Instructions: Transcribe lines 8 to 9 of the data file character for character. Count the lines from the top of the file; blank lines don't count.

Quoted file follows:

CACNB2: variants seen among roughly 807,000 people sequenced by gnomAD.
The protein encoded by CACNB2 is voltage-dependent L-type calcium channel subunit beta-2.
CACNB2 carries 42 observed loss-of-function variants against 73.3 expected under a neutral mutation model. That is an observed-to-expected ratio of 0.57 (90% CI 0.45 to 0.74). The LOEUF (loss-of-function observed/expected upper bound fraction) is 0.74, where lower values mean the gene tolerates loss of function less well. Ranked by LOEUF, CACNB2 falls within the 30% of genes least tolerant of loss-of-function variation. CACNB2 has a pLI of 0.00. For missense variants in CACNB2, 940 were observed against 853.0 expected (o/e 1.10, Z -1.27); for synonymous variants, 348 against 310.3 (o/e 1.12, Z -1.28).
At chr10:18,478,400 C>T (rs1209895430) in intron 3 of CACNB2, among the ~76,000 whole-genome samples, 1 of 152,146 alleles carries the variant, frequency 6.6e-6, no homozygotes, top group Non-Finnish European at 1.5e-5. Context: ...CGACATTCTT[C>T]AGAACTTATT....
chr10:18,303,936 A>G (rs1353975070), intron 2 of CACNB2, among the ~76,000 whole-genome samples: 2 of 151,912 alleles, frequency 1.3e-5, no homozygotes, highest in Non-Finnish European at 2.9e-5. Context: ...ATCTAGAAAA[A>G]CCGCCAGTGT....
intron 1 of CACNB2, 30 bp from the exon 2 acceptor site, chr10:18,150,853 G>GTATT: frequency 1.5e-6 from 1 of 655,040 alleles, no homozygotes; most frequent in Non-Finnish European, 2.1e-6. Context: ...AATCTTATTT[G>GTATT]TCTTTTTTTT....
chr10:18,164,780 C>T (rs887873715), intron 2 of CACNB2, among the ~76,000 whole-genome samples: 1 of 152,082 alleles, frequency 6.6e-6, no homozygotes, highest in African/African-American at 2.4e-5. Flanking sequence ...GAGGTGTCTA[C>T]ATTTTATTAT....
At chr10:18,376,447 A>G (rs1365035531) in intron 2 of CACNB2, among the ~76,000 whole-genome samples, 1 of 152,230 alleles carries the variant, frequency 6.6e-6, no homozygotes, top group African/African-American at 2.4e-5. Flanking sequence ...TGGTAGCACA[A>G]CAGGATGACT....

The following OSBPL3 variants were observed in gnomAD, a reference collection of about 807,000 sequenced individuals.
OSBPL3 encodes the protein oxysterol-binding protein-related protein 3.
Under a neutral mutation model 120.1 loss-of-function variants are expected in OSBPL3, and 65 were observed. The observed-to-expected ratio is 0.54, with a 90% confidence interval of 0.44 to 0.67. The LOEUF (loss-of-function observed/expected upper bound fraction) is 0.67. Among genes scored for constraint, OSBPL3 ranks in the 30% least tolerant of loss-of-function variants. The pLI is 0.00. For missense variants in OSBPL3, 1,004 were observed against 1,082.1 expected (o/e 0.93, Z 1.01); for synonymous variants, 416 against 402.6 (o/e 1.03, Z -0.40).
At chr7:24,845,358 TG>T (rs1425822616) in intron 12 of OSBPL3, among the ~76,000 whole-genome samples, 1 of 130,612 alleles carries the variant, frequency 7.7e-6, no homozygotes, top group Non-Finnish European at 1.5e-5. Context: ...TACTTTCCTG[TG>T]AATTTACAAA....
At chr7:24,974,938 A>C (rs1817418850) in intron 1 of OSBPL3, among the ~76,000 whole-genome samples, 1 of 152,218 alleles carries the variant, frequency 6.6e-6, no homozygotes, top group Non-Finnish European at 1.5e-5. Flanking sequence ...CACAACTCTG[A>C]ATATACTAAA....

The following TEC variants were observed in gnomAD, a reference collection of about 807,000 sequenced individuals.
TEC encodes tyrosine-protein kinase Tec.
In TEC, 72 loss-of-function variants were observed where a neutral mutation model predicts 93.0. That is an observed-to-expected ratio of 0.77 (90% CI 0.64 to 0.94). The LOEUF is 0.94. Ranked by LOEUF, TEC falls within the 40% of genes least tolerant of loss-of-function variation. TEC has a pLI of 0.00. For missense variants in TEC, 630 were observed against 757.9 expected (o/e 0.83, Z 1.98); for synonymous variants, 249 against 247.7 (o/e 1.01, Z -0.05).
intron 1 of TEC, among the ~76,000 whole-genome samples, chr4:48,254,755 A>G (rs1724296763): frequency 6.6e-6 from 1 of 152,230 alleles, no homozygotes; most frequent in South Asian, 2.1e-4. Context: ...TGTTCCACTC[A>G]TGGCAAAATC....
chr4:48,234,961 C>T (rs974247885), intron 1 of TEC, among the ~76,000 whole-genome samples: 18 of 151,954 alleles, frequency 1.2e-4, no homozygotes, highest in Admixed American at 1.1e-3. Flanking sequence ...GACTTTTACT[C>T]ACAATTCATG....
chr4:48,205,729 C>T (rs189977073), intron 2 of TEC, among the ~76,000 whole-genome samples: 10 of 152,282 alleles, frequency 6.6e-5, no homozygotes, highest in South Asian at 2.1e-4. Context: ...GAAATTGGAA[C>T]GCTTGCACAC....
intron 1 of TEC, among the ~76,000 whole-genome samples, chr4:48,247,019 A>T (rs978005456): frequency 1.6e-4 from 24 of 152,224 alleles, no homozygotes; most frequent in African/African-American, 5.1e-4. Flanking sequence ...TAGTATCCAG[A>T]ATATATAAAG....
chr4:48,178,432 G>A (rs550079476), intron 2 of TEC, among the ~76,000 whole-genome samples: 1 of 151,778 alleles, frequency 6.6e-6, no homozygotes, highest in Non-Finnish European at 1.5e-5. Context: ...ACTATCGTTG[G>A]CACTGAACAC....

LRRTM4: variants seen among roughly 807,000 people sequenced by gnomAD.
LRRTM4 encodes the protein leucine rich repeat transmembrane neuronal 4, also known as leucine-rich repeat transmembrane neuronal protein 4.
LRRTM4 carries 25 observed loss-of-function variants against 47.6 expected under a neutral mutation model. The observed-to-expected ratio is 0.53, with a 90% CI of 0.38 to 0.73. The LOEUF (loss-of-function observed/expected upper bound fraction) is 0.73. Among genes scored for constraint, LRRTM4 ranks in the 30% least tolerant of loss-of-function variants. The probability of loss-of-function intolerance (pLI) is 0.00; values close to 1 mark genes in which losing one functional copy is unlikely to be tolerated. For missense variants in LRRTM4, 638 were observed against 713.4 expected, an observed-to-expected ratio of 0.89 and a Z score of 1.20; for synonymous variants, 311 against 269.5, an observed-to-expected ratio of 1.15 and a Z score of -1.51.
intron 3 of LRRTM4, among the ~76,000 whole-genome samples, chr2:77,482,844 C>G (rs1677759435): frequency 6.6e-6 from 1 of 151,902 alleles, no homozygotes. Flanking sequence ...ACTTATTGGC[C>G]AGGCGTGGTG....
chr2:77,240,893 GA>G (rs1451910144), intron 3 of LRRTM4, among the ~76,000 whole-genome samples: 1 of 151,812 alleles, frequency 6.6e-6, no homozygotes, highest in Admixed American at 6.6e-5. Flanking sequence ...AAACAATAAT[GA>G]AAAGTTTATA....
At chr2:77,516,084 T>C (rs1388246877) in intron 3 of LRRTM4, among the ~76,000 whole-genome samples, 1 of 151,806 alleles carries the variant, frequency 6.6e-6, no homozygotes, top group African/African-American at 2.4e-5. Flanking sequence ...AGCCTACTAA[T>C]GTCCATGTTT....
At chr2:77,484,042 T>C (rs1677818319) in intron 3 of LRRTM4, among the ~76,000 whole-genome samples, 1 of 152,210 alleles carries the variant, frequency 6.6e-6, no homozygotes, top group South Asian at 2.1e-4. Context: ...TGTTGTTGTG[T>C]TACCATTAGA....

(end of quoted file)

At chr10:18,376,447 A>G (rs1365035531) in intron 2 of CACNB2, among the ~76,000 whole-genome samples, 1 of 152,230 alleles carries the variant, frequency 6.6e-6, no homozygotes, top group African/African-American at 2.4e-5. Flanking sequence ...TGGTAGCACA[A>G]CAGGATGACT....

The following OSBPL3 variants were observed in gnomAD, a reference collection of about 807,000 sequenced individuals.